Has a really good story every moved you to feel or to act? That is the true art of storytelling. Someone who knows this well and has honed this art is Scott Harrison of charity: water.
Scott got into storytelling when he moved to NYC at 18. Initially, he rebelled against his upbringing and moved there to become rich and famous in a rock band! His band played venues around the city but soon broke up. But not long after, Scott discovered nightclub promotion as a profession: he loved the idea of getting paid to drink alcohol as a profession. All you needed to do was to get the right people inside the right clubs, and you could make a lot of money.
Over the next 10 years, Scott worked at 40 different nightclubs. He and his business partner would get the beautiful and the rich to come into the clubs, and then take as much money as possible. Their unique differentiator was that they would try to make their parties interesting by coming up with themes or stories for them.
But at 28, Scott came to the realization he had become the worst person he knew. He was telling the wrong story and if he continued down this path it wouldn’t be good, and he would have nothing to show for his life aside from getting millions of people wasted. Scott wondered if he could start again and create a life that would be the exact opposite of what he had been doing.
He began applying to humanitarian missions and organizations he knew of, despite only having experience as a nightclub promoter. Only one organization would take him and there was a condition: Scott had to give them $500 a month to live in post-war Liberia as a photojournalist on a humanitarian mission. Scott agreed and signed on with MercyShips.
Soon all of his partygoers on his email list went from receiving event invites to seeing photos of kids drinking from swamps and reading stories of children dying from diarrhea. He was surprised at how interested these people were, they were moved by the stories and images and the work the doctors were doing for others.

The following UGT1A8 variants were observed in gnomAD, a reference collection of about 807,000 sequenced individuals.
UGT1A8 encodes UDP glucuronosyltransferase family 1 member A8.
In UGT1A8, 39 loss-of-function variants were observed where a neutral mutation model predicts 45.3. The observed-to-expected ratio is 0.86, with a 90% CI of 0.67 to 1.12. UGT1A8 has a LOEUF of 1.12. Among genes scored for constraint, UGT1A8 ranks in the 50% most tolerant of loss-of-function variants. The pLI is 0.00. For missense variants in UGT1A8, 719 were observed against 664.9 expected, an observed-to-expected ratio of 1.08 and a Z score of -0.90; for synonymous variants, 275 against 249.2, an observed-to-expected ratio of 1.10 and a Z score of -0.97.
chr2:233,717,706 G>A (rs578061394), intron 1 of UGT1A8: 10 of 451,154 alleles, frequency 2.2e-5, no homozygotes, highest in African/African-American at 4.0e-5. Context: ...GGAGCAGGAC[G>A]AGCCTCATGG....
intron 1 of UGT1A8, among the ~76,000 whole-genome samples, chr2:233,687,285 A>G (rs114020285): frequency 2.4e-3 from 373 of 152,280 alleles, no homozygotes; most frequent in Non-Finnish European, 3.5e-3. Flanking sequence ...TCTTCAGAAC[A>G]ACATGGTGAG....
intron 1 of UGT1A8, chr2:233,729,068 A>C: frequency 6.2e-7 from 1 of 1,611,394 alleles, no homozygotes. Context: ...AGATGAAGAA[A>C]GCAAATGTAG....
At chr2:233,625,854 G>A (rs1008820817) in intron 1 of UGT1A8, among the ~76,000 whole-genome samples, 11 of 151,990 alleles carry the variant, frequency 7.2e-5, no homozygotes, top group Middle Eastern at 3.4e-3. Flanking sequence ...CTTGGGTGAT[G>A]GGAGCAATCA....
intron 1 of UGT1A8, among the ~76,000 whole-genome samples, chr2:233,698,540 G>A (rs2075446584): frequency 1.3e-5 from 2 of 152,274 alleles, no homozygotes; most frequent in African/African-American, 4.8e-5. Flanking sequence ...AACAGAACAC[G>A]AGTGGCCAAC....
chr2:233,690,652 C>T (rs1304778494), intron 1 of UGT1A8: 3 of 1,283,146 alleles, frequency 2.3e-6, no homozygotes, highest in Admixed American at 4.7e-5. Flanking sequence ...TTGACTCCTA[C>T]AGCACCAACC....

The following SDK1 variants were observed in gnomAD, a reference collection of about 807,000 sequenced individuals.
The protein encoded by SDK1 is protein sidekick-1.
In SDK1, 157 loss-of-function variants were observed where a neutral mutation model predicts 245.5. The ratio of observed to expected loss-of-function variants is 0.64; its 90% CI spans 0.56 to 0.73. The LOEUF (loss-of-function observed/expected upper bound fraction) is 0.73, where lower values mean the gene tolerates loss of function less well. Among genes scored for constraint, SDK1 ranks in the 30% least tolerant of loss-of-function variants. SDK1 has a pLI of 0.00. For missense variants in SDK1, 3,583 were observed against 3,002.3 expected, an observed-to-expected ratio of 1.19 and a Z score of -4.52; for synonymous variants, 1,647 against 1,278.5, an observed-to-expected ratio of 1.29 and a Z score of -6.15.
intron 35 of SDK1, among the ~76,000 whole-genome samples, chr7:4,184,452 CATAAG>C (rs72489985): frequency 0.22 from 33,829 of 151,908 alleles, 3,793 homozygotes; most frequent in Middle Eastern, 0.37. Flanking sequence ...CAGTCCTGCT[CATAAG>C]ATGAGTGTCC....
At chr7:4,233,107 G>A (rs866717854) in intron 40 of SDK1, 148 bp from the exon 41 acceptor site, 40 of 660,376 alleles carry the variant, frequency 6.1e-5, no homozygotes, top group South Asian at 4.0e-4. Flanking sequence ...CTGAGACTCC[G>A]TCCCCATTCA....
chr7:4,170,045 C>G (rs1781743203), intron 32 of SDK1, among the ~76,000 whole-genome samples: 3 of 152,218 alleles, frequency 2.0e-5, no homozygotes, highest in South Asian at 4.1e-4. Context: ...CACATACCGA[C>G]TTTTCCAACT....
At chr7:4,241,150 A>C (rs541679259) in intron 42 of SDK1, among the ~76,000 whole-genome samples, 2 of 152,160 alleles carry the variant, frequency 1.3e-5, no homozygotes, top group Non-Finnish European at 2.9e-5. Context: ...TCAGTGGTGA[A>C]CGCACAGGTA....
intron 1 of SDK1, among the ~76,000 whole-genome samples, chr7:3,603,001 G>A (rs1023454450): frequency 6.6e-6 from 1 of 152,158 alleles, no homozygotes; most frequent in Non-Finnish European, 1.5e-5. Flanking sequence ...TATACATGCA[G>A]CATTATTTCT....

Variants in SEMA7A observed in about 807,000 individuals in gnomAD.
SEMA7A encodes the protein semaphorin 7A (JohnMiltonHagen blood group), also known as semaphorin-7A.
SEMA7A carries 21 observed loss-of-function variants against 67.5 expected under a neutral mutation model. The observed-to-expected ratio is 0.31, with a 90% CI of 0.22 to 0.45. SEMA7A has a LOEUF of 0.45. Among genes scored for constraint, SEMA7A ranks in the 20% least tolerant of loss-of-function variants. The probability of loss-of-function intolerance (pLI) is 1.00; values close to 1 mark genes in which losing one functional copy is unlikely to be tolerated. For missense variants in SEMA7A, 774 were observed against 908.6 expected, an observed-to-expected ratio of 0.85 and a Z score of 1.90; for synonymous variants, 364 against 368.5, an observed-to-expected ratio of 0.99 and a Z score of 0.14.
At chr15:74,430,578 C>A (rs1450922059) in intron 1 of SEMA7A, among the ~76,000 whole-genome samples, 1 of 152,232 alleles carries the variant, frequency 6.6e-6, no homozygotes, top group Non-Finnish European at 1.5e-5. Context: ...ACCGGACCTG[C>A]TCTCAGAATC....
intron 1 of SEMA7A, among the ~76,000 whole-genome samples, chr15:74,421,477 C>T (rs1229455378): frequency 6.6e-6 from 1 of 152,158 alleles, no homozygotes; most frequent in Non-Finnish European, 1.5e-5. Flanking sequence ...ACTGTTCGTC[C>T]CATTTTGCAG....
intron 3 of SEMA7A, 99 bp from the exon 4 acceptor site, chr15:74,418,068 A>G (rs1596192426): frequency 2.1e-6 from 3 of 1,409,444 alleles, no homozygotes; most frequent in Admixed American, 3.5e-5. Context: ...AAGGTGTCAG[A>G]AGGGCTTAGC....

It was a lightbulb moment for him and he saw the potential storytelling has to impact everyone whether you’re pitching a party or moving people towards greater compassion and generosity.
You’ll hear more about what he saw in Liberia, and how that helped him curate his storytelling skills. Scott also tells us whether he has struggled with the non-creative aspects of running a charity on this episode of The Portfolio Life.
Listen to the podcast
To listen to the show, click the player below (If you’re reading this via email, please click here).
In this episode, Scott and I explore:
- When did he know it was time to leave the nightclub promotion business?
- How many photographs did he take in his first year in Liberia?
- Why was he brought on as a photojournalist?
- How did having no experience actually help him start his charity?
- What are the three things an amazing CEO does?
Inspire radical giving by inspiring people.
On branding and messaging
- Where did he look for inspiration for charity: water’s branding?
- Why did communicating in real-time make a difference?
- The power of before and after in a story.
- Why did he become so passionate about the water crisis in the world?
- What stories were charities telling then and why weren’t they effective?
I want to put stories of hope into the world.
Starting charity: water
- Why did he believe a new model for giving needed to be established?
- What percentage of Americans believe charities do the right thing with donations?
- How much of the money charity: water raises go towards water projects?
- How do they use technology to show the impact of donations?
- Why doesn’t he recommend the 100% model to other groups?